ANTHEM is coming, chapter 13

ANTHEM, Book 3 of the Sixties Trilogy, publishes on October 1. Each of the book's 47 chapters begins with a song from the Sixties to set the tone, mood, and scene. Every day between now and October 1, come have a listen and read a snippet from each chapter.
This is Chapter 13 (day 35):

Written by David Clayton Thomas
Performed by Blood, Sweat & Tears
Recorded at Columbia Recording Studios, NY, NY 1968
Drummer: Bobby Colomby


I don't know what possessed me. I know I say that a lot now, at least to myself, but honestly, I don't know what possessed me, running all over Atlanta streets with strangers, pretending to feel something -- singing in public! -- not me at all, not me to behave in such an unladylike fashion.

I'm a careful girl, but then I'm not, because if I were truly careful, I wouldn't be here in Atlanta by myself, now would I? Yes, Norman's here, but Norman doesn't count. He wants to be here. Suddenly, the boy who didn't want to leave home is having the time of his life. He's probably forgotten all about Barry, but I haven't. When I opened my suitcase this morning, out fluttered Barry's letter: Order to Report.


Molly can't make up her mind, which is where the lyrics to "Spinning Wheel" come in: "Did you find the directing sign on the straight-and-narrow highway?//Would you mind a reflecting sign?// Just let it shine within your mind, and show you the colors that are real..."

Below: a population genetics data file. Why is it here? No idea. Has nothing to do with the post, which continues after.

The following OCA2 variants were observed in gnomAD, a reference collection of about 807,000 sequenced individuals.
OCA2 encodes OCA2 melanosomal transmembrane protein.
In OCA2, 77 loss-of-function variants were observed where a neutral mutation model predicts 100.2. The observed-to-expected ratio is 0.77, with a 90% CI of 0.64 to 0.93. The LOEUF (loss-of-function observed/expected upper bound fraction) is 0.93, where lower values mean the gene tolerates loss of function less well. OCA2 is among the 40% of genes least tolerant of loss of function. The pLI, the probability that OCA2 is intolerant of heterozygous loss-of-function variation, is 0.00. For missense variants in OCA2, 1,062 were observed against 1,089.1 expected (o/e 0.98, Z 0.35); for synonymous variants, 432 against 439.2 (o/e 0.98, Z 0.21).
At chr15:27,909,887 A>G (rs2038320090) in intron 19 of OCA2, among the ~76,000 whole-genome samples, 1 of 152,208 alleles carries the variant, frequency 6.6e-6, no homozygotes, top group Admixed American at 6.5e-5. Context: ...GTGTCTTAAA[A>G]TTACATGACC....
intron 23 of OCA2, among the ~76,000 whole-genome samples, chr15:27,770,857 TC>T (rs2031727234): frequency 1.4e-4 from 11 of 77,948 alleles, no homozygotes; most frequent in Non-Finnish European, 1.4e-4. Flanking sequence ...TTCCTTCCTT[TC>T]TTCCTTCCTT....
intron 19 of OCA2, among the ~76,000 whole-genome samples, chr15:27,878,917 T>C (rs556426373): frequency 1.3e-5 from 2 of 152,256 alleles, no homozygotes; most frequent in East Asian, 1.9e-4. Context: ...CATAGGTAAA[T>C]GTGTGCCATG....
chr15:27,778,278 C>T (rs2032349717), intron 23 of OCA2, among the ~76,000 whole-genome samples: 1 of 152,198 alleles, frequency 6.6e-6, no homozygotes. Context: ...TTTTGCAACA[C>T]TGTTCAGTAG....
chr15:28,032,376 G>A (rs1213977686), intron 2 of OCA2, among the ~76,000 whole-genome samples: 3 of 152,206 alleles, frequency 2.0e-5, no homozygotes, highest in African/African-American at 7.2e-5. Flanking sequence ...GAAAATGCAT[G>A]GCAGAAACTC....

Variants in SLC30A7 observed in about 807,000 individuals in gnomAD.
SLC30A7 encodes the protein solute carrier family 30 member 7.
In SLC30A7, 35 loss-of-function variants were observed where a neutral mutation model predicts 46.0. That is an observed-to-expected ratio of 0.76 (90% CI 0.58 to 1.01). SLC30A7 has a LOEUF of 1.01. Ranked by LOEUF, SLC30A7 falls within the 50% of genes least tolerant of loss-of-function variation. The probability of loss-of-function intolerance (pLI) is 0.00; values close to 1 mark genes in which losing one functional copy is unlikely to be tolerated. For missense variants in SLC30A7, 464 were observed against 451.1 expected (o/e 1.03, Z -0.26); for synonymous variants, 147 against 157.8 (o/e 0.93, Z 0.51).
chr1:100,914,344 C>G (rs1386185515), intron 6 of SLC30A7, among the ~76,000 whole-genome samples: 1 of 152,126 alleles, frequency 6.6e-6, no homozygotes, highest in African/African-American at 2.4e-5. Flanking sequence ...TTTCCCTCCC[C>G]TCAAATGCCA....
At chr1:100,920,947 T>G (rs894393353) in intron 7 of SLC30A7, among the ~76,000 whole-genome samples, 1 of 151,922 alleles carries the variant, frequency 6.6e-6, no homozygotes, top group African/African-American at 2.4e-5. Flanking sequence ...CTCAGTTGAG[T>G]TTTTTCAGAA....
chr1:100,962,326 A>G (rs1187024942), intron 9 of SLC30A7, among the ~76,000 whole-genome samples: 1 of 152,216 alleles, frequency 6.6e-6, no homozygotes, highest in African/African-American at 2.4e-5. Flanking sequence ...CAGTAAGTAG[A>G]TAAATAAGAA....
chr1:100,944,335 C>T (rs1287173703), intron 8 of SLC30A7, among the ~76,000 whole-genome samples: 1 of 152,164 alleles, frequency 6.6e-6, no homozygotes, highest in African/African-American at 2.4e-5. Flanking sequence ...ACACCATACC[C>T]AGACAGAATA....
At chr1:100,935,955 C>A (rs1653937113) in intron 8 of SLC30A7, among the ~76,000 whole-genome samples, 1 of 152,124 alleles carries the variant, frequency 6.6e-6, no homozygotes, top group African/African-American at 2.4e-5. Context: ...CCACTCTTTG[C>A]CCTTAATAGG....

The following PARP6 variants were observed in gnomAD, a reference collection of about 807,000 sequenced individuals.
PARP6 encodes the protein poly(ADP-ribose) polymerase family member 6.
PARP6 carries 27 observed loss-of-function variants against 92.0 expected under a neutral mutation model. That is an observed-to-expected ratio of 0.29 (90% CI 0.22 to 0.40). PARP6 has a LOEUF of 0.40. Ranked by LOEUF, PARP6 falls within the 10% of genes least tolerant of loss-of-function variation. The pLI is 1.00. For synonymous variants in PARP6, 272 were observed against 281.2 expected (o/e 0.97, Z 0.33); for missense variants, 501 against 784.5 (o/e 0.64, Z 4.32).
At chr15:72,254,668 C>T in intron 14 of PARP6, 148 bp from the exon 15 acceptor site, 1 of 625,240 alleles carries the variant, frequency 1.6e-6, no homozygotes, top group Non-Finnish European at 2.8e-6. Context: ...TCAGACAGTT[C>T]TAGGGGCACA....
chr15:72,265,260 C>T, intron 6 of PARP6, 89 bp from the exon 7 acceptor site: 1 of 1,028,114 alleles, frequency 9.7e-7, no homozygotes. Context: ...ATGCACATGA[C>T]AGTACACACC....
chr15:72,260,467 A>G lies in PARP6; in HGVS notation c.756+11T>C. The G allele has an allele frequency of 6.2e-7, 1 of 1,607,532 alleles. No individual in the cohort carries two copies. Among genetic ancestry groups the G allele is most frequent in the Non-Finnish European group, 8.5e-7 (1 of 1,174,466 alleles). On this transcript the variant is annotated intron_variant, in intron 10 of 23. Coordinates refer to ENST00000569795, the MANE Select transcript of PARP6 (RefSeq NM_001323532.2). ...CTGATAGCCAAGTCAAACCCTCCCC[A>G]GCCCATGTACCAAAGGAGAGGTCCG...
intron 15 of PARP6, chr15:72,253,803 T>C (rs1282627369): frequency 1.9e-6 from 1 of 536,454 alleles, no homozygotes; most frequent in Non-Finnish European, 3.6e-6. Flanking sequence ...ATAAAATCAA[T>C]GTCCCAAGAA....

"Spinning Wheel" was such an exciting song, with its brass beginning, wailing trumpet solo (more jazz influence), its insistent beat, and that voice -- David Clayton Thomas singing with that gravelly full-throated delivery. We'd heard nothing like it. 

This song was a precursor to the music of the Chicago Transit Authority which was close on its heels. You'll find them in a future chapter. Meanwhile, give a listen to "Spinning Wheel" and you'll have an audio peek into Molly's mind at this point in the story. 

You could easily find yourself down a David Clayton Thomas/BS&T wormhole, listening also to the frantic (written by Laura Nyro) “When I Die,” the jazzy/bluesy arrangement to “God Bless the Child,” and the straight-ahead love song “You Made Me So Very Happy.”

I loved their arrangements, their musicality (the piano, the organ, the brass, the cowbell, the recorder, hahaha — lots going on), and the fact that not every song they wrote was about love. We had a lot of love songs back then… don’t we always? But it was good to listen to some that were about… something else.  Chapter 13.

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